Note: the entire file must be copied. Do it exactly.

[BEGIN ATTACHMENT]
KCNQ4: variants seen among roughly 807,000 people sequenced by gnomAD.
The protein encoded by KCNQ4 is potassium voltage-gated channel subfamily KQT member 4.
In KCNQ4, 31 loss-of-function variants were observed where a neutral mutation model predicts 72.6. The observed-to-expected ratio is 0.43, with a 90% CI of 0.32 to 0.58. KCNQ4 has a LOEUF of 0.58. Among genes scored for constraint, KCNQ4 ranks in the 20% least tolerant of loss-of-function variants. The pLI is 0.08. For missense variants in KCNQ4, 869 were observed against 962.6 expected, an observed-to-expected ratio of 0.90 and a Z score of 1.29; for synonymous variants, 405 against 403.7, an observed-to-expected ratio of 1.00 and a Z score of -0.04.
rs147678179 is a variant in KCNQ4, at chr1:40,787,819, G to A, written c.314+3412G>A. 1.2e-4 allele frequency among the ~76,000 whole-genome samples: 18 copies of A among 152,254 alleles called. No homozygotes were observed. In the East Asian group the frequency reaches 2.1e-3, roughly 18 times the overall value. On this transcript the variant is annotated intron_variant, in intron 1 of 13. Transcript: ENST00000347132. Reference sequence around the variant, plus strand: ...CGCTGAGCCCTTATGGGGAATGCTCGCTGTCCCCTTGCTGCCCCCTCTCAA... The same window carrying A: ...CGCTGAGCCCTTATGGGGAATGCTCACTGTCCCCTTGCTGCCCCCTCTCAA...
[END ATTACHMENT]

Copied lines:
KCNQ4: variants seen among roughly 807,000 people sequenced by gnomAD.
The protein encoded by KCNQ4 is potassium voltage-gated channel subfamily KQT member 4.
In KCNQ4, 31 loss-of-function variants were observed where a neutral mutation model predicts 72.6. The observed-to-expected ratio is 0.43, with a 90% CI of 0.32 to 0.58. KCNQ4 has a LOEUF of 0.58. Among genes scored for constraint, KCNQ4 ranks in the 20% least tolerant of loss-of-function variants. The pLI is 0.08. For missense variants in KCNQ4, 869 were observed against 962.6 expected, an observed-to-expected ratio of 0.90 and a Z score of 1.29; for synonymous variants, 405 against 403.7, an observed-to-expected ratio of 1.00 and a Z score of -0.04.
rs147678179 is a variant in KCNQ4, at chr1:40,787,819, G to A, written c.314+3412G>A. 1.2e-4 allele frequency among the ~76,000 whole-genome samples: 18 copies of A among 152,254 alleles called. No homozygotes were observed. In the East Asian group the frequency reaches 2.1e-3, roughly 18 times the overall value. On this transcript the variant is annotated intron_variant, in intron 1 of 13. Transcript: ENST00000347132. Reference sequence around the variant, plus strand: ...CGCTGAGCCCTTATGGGGAATGCTCGCTGTCCCCTTGCTGCCCCCTCTCAA... The same window carrying A: ...CGCTGAGCCCTTATGGGGAATGCTCACTGTCCCCTTGCTGCCCCCTCTCAA...